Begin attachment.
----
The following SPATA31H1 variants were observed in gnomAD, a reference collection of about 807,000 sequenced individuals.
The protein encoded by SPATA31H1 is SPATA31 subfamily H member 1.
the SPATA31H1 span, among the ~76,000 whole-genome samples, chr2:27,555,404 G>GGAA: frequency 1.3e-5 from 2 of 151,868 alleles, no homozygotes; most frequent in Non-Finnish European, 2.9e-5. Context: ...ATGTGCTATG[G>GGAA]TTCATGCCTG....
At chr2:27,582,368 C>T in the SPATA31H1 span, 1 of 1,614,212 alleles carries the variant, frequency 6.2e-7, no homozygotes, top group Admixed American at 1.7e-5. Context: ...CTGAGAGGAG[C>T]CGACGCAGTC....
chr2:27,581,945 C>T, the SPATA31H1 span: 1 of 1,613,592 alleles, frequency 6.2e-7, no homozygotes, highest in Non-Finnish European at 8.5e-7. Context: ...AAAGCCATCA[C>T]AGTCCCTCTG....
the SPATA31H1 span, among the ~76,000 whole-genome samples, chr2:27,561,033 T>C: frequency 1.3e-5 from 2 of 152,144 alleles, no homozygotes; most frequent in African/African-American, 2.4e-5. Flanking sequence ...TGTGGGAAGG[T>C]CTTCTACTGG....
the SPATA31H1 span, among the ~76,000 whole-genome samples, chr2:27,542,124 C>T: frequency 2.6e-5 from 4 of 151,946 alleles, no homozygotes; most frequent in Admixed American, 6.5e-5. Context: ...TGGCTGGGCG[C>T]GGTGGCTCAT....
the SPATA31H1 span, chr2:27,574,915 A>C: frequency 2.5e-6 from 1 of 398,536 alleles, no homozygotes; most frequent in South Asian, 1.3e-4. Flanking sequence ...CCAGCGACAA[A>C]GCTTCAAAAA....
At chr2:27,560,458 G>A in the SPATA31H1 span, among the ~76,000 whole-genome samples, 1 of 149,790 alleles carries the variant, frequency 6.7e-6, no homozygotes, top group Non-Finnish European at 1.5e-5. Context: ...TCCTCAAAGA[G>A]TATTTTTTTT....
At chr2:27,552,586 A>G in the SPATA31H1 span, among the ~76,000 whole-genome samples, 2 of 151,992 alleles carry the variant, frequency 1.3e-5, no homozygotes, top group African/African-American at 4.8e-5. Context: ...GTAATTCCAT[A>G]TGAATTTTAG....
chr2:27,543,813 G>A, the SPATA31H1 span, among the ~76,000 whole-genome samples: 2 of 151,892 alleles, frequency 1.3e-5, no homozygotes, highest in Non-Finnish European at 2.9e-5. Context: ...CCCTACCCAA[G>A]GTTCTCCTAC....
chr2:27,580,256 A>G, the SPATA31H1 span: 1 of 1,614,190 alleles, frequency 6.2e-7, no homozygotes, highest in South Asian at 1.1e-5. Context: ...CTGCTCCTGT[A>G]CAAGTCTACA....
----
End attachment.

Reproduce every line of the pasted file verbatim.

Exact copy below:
The following SPATA31H1 variants were observed in gnomAD, a reference collection of about 807,000 sequenced individuals.
The protein encoded by SPATA31H1 is SPATA31 subfamily H member 1.
the SPATA31H1 span, among the ~76,000 whole-genome samples, chr2:27,555,404 G>GGAA: frequency 1.3e-5 from 2 of 151,868 alleles, no homozygotes; most frequent in Non-Finnish European, 2.9e-5. Context: ...ATGTGCTATG[G>GGAA]TTCATGCCTG....
At chr2:27,582,368 C>T in the SPATA31H1 span, 1 of 1,614,212 alleles carries the variant, frequency 6.2e-7, no homozygotes, top group Admixed American at 1.7e-5. Context: ...CTGAGAGGAG[C>T]CGACGCAGTC....
chr2:27,581,945 C>T, the SPATA31H1 span: 1 of 1,613,592 alleles, frequency 6.2e-7, no homozygotes, highest in Non-Finnish European at 8.5e-7. Context: ...AAAGCCATCA[C>T]AGTCCCTCTG....
the SPATA31H1 span, among the ~76,000 whole-genome samples, chr2:27,561,033 T>C: frequency 1.3e-5 from 2 of 152,144 alleles, no homozygotes; most frequent in African/African-American, 2.4e-5. Flanking sequence ...TGTGGGAAGG[T>C]CTTCTACTGG....
the SPATA31H1 span, among the ~76,000 whole-genome samples, chr2:27,542,124 C>T: frequency 2.6e-5 from 4 of 151,946 alleles, no homozygotes; most frequent in Admixed American, 6.5e-5. Context: ...TGGCTGGGCG[C>T]GGTGGCTCAT....
the SPATA31H1 span, chr2:27,574,915 A>C: frequency 2.5e-6 from 1 of 398,536 alleles, no homozygotes; most frequent in South Asian, 1.3e-4. Flanking sequence ...CCAGCGACAA[A>C]GCTTCAAAAA....
At chr2:27,560,458 G>A in the SPATA31H1 span, among the ~76,000 whole-genome samples, 1 of 149,790 alleles carries the variant, frequency 6.7e-6, no homozygotes, top group Non-Finnish European at 1.5e-5. Context: ...TCCTCAAAGA[G>A]TATTTTTTTT....
At chr2:27,552,586 A>G in the SPATA31H1 span, among the ~76,000 whole-genome samples, 2 of 151,992 alleles carry the variant, frequency 1.3e-5, no homozygotes, top group African/African-American at 4.8e-5. Context: ...GTAATTCCAT[A>G]TGAATTTTAG....
chr2:27,543,813 G>A, the SPATA31H1 span, among the ~76,000 whole-genome samples: 2 of 151,892 alleles, frequency 1.3e-5, no homozygotes, highest in Non-Finnish European at 2.9e-5. Context: ...CCCTACCCAA[G>A]GTTCTCCTAC....
chr2:27,580,256 A>G, the SPATA31H1 span: 1 of 1,614,190 alleles, frequency 6.2e-7, no homozygotes, highest in South Asian at 1.1e-5. Context: ...CTGCTCCTGT[A>G]CAAGTCTACA....